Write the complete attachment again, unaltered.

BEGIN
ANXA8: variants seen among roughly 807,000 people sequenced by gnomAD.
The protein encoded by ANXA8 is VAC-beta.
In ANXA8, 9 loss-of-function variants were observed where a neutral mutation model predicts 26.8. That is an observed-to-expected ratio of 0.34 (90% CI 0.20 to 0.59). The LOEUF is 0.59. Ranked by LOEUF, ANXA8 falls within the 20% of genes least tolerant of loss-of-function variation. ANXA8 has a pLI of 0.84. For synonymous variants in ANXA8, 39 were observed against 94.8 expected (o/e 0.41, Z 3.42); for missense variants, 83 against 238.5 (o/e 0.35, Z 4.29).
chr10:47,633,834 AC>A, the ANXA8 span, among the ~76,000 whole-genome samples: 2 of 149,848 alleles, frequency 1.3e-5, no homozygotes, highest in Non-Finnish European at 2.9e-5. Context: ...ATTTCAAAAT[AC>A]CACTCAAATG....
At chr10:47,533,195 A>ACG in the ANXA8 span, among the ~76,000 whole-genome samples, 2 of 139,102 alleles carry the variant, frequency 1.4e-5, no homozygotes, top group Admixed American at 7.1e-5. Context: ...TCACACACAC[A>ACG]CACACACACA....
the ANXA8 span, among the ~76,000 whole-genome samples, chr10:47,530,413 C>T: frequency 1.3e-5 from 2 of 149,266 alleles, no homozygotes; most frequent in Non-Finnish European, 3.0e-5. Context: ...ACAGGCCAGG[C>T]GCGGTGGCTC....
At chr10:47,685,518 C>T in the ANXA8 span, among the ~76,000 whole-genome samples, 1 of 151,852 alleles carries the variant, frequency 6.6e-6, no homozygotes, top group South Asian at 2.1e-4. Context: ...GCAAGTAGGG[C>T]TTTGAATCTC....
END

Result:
ANXA8: variants seen among roughly 807,000 people sequenced by gnomAD.
The protein encoded by ANXA8 is VAC-beta.
In ANXA8, 9 loss-of-function variants were observed where a neutral mutation model predicts 26.8. That is an observed-to-expected ratio of 0.34 (90% CI 0.20 to 0.59). The LOEUF is 0.59. Ranked by LOEUF, ANXA8 falls within the 20% of genes least tolerant of loss-of-function variation. ANXA8 has a pLI of 0.84. For synonymous variants in ANXA8, 39 were observed against 94.8 expected (o/e 0.41, Z 3.42); for missense variants, 83 against 238.5 (o/e 0.35, Z 4.29).
chr10:47,633,834 AC>A, the ANXA8 span, among the ~76,000 whole-genome samples: 2 of 149,848 alleles, frequency 1.3e-5, no homozygotes, highest in Non-Finnish European at 2.9e-5. Context: ...ATTTCAAAAT[AC>A]CACTCAAATG....
At chr10:47,533,195 A>ACG in the ANXA8 span, among the ~76,000 whole-genome samples, 2 of 139,102 alleles carry the variant, frequency 1.4e-5, no homozygotes, top group Admixed American at 7.1e-5. Context: ...TCACACACAC[A>ACG]CACACACACA....
the ANXA8 span, among the ~76,000 whole-genome samples, chr10:47,530,413 C>T: frequency 1.3e-5 from 2 of 149,266 alleles, no homozygotes; most frequent in Non-Finnish European, 3.0e-5. Context: ...ACAGGCCAGG[C>T]GCGGTGGCTC....
At chr10:47,685,518 C>T in the ANXA8 span, among the ~76,000 whole-genome samples, 1 of 151,852 alleles carries the variant, frequency 6.6e-6, no homozygotes, top group South Asian at 2.1e-4. Context: ...GCAAGTAGGG[C>T]TTTGAATCTC....